Despite the sunshine, the surface of Resurrection Creek was dark — an enormous school of pink and silver salmon headed up the creek colored the water black with their dark backs.
A line of anglers along the banks of the muddy creek running alongside the small community of Hope regularly pulled salmon out of the water, some for fun and others packing out coolers full of fish. Every 10 minutes or so, someone pulled a salmon to shore, either unhooking it and letting it wriggle back into the water column or quickly dispatching it if it was legally caught.
Pink salmon, also known as humpies, can flood the Resurrection Creek in the late summer, but as there’s no official enumeration project on the creek, it’s hard to say exactly how large the run is. Silver, sockeye and chum salmon can also be caught in the river, as well as Dolly Varden, a type of char, according to a 2000 study conducted by an Alaska Department of Fish and Game biologist.
Pink salmon are a popular sportfishing species as well as an important commercial species across Alaska. Typically, they run on a two-year cycle, alternating weak and strong years — in Upper Cook Inlet’s stream systems, the strong runs usually show up in even-numbered years. However, this year, anglers have been reporting relatively strong presence of pink salmon in stream systems including the Kenai and Kasilof rivers.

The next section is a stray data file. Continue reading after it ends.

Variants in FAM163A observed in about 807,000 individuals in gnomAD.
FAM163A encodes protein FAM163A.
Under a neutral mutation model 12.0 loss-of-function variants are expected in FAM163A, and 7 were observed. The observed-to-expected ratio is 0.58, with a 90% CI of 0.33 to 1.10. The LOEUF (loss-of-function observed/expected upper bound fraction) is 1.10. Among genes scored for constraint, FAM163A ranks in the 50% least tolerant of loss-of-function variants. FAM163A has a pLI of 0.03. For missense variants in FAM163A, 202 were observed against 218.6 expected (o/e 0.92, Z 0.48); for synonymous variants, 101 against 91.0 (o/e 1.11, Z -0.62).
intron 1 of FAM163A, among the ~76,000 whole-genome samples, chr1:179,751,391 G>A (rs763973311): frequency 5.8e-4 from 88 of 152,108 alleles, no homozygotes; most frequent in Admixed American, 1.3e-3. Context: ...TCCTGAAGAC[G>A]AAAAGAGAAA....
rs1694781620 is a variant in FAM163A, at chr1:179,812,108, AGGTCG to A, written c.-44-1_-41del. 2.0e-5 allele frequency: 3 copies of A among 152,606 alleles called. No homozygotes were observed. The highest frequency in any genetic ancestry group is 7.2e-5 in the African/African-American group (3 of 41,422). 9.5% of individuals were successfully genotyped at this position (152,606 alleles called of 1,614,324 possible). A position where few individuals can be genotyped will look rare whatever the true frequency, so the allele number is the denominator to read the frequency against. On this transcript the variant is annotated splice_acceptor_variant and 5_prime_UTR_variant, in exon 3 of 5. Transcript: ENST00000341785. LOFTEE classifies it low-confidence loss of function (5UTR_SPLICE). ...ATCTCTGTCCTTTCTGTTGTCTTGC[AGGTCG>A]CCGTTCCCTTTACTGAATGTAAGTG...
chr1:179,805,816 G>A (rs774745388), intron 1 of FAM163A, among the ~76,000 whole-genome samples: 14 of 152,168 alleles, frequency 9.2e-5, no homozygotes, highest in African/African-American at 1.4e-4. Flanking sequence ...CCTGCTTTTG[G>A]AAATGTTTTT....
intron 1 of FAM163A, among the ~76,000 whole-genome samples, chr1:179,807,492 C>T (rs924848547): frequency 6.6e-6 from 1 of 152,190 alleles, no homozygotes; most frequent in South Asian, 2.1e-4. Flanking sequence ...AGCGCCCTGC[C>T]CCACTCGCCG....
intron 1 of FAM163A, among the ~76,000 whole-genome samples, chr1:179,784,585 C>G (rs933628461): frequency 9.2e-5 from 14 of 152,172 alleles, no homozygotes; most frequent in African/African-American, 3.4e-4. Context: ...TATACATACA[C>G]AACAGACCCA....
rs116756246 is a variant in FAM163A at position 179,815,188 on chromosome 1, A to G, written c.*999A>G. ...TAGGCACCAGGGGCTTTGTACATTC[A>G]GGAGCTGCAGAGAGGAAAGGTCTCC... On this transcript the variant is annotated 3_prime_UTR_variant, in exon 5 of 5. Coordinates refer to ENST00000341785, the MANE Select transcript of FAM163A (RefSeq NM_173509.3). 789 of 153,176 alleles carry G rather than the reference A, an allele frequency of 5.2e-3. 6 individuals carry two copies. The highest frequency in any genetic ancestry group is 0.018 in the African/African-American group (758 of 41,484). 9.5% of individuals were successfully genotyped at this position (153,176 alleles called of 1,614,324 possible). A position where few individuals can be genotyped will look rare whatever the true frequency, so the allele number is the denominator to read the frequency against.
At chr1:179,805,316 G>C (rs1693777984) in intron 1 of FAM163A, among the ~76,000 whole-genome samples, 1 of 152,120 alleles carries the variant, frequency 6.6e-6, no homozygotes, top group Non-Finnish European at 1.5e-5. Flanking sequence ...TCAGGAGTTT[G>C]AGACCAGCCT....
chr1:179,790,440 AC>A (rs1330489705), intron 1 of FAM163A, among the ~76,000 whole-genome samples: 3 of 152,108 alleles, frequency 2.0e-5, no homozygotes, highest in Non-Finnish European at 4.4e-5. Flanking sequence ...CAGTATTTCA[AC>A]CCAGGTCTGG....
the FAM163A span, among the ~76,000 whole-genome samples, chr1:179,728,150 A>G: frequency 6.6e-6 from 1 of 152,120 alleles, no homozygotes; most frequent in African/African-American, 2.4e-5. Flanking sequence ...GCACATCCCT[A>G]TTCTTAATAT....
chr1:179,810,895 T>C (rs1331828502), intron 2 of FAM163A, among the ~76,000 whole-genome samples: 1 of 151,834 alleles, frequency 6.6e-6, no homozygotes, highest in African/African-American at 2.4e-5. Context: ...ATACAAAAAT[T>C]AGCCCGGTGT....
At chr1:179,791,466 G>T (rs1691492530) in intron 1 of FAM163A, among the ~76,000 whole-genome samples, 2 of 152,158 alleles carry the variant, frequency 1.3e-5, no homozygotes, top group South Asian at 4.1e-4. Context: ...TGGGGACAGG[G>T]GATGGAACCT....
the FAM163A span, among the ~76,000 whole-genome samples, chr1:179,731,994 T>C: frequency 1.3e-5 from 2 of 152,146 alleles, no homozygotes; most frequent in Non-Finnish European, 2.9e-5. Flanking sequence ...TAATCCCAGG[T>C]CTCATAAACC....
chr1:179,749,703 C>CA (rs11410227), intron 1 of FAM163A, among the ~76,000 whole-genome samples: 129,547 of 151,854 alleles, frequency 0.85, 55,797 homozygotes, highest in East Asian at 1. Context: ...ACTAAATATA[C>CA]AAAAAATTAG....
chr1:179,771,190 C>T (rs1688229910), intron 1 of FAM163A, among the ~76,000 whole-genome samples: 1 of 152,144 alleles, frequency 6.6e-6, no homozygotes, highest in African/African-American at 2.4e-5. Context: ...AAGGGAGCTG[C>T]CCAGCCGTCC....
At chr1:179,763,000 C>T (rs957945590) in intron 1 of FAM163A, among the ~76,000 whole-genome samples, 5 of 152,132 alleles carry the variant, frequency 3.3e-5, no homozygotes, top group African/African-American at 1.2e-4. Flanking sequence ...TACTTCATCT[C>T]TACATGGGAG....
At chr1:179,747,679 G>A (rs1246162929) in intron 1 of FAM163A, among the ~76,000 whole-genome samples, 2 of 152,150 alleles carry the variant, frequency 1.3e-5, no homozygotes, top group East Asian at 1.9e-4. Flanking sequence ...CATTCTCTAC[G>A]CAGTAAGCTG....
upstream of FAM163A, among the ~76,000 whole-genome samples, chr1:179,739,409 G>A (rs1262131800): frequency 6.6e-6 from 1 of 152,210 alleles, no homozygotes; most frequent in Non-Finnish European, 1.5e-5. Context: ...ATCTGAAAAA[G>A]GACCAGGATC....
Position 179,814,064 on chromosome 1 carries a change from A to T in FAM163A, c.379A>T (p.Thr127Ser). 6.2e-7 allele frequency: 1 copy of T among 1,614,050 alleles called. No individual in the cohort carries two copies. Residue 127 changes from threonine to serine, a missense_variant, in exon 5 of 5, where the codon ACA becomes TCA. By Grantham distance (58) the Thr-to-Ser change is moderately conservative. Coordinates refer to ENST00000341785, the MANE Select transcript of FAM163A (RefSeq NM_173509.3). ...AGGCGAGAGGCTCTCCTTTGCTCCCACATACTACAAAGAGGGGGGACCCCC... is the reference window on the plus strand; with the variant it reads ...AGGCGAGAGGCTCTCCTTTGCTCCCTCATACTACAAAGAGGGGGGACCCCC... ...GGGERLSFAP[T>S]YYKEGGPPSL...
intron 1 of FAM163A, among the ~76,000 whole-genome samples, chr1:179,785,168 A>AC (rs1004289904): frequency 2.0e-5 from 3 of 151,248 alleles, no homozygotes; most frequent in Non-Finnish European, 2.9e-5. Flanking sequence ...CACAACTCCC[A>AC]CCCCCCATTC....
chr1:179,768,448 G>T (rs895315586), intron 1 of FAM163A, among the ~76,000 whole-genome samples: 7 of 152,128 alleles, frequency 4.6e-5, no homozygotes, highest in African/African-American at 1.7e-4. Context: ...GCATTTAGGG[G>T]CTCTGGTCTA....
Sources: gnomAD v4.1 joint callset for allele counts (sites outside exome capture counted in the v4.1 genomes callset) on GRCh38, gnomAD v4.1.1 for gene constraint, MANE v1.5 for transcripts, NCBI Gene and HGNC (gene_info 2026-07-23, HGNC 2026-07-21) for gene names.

On the Kenai, though, most of the effort is on sockeye salmon and silver salmon. Though the peak of the sockeye salmon run passed in late July, anglers in the middle river are still walking away with fish after putting in a little time. At the Soldotna Creek Park boardwalk, McKay Mills landed a hefty male sockeye on Wednesday afternoon, still bright despite the 20 miles of river it had swum through.
Visiting from Show Low, Arizona, he said his group had limited out the day before, but it was his first sockeye of the day on the river Wednesday.
Other anglers still waiting for a bite flipped for fish up and down the river. About half a mile downstream, silver salmon jumped defiantly just out of the reach of some anglers’ hooks on the fishing platform near Centennial Park. Silver salmon, also called coho, are one of the most highly sought-after sportfish in the river, and the run is starting to noticeably ramp up after a trickling start.
Silver salmon catch rates have improved dramatically in the last week, judging from fishing guide logbook data, said Jason Pawluk, the assistant area management biologists for the Division of Sportfish in Soldotna. Anglers in guide boats are generally catching their limits of silver salmon — and judging from the catch success this early in the general run timing, plus the indications that the run is late, the silver salmon run may be large this year, he said.
“Considering the time of the month, we’re ahead of the game,” he said. “…If we’re this good now in mid-August, I would think fishing would get really good (later in the month).”